- clean energy production, distribution and/or storage infrastructure projects that supply non-emitting energy (e.g., hydro, solar, wind, nuclear and geothermal energy)
- construction or retrofit of energy infrastructure (e.g., transmission and distribution lines, and associated infrastructure) that provides a connection to an electrical grid
- retrofits of existing clean energy projects, including hardware and software, to enable them to provide grid services
- engagement and related activities (e.g., capacity building, job training and IDEA plans) with impacted communities during project deployment
What expenses are eligible
Eligible expenditures are limited to the reasonable costs that are required to achieve an eligible project’s objectives. The CMIF is designed to cover a broad range of expenses, in line with best practices for federal contributions programs. Examples of eligible expenses include costs related to site preparation and construction; most professional services, including research and engineering; salaries and benefits; training; administrative costs and others. Some expenditures such as land acquisition, litigation fees, and general operating and maintenance expenses are not eligible for reimbursement.
CMIF funds up to 50% of total eligible expenses, except in the case of Arctic, Northern and Indigenous-led projects (up to 75%) and public-private partnerships (up to 33%).
For more information about eligible and ineligible expenditures, please consult the CMIF applicant guide.
How to apply
Applicants will submit a full project proposal, including all relevant documentation, through the CMIF secure funding portal.
For this first call for proposals, applications will be accepted until February 29, 2024, at 11:59 p.m. PST.
Stream 1 applications will be assessed and ranked after the application window closes.
Stream 2 will use a continuous intake process, meaning that applications will be assessed on a first-come, first-served basis. Depending on demand, NRCan may stop issuing funding decisions when funding under this stream has been allocated.
Only complete applications will be reviewed by the program and applications must meet all evaluation criteria to be considered for funding. For more information on the application process, consult the CMIF applicant guide.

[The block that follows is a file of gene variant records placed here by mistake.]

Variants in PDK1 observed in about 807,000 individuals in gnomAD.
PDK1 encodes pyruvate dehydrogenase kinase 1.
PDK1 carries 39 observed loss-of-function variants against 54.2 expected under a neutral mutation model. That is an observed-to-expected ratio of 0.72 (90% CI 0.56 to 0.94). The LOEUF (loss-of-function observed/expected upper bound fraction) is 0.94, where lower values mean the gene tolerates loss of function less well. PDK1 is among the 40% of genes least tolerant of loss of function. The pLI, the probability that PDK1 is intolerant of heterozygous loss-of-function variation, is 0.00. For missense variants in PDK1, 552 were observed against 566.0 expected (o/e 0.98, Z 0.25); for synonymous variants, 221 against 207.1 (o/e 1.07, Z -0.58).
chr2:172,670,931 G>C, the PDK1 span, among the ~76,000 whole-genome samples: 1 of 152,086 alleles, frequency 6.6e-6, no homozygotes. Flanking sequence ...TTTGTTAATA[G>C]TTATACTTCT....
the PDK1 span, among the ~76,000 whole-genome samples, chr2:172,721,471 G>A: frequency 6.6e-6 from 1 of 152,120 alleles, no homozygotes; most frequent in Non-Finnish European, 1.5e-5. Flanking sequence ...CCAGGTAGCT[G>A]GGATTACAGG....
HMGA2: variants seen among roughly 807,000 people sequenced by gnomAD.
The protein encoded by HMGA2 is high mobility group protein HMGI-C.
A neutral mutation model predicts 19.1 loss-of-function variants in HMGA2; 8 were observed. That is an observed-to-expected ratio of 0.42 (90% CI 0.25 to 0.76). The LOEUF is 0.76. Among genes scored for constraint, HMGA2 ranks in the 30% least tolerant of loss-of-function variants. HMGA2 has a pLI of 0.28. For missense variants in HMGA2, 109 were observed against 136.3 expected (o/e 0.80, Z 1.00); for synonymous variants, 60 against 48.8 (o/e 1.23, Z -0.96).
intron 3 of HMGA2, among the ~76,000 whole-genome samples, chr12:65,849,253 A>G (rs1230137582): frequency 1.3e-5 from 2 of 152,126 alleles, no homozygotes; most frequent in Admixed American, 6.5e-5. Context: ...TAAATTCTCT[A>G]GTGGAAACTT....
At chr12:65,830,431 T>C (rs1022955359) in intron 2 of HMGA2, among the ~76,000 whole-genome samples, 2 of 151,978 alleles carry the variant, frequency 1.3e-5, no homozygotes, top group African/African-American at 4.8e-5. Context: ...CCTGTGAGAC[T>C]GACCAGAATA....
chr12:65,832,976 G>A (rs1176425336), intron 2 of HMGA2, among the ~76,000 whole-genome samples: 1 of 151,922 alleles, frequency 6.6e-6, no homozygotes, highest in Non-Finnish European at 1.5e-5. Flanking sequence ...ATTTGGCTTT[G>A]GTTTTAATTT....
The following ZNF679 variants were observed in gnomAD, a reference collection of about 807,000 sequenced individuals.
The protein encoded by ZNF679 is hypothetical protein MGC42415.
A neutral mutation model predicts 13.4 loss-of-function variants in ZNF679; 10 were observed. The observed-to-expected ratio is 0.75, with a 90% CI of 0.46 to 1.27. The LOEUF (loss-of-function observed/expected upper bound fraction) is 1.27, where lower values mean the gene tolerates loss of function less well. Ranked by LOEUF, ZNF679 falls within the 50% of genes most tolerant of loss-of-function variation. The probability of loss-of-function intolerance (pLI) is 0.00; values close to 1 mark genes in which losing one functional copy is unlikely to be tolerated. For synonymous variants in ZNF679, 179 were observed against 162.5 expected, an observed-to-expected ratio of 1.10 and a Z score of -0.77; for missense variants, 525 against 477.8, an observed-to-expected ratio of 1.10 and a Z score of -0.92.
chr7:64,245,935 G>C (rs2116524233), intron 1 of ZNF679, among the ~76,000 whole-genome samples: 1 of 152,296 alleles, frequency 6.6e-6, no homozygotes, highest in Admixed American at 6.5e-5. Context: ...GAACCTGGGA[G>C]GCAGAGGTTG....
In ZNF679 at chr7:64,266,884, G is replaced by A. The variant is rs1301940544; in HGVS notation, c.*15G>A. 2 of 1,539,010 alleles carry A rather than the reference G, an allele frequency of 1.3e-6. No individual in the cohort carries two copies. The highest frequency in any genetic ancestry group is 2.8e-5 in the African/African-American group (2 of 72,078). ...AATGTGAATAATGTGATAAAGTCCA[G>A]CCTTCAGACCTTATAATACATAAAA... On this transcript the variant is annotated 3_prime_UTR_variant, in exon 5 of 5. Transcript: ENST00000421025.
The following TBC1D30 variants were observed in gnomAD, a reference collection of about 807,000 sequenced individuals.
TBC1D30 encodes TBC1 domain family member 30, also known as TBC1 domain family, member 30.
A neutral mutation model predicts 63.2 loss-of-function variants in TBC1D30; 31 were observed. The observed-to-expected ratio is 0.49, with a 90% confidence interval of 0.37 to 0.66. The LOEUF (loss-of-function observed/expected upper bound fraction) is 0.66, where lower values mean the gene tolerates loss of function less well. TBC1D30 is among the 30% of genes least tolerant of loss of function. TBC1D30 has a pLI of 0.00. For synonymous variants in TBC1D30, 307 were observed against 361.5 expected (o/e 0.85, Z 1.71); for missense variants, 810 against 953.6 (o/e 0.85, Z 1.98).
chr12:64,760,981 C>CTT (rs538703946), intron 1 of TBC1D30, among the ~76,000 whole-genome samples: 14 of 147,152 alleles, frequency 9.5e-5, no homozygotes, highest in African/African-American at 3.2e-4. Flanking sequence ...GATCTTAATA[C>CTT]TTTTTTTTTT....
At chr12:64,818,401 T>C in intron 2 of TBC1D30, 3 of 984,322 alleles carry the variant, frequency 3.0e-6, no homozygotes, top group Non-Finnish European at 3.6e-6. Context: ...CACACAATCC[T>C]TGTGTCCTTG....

Selection process and timelines
After applying, you will receive a notification of whether your application meets basic completeness and eligibility criteria. In the context of the first call for proposals, for stream 1, this notification will come after the application window closes. For stream 2, which will have a continuous intake approach, it will come shortly after your application is submitted. Applications that meet the eligibility criteria will be retained for a full assessment.
CMIF funding decisions will be made through project assessments that will determine the merit of the project and strength of the application. CMIF project assessments will involve an interdepartmental process engaging expertise from relevant federal departments to make recommendations on applications.
Application assessments will include:
- an assessment of an eligible project’s expected support for critical minerals production in Canada
- a due diligence assessment evaluating the application quality, project feasibility and project risks
- an assessment of the project’s expected economic, environmental and Indigenous reconciliation benefits and impacts
Once a full assessment is completed, successful projects will receive a conditional funding decision which, if positive, will begin the process to negotiate a contribution agreement (winter/spring 2024).
For further guidance, please send an email to firstname.lastname@example.org.
- Date modified: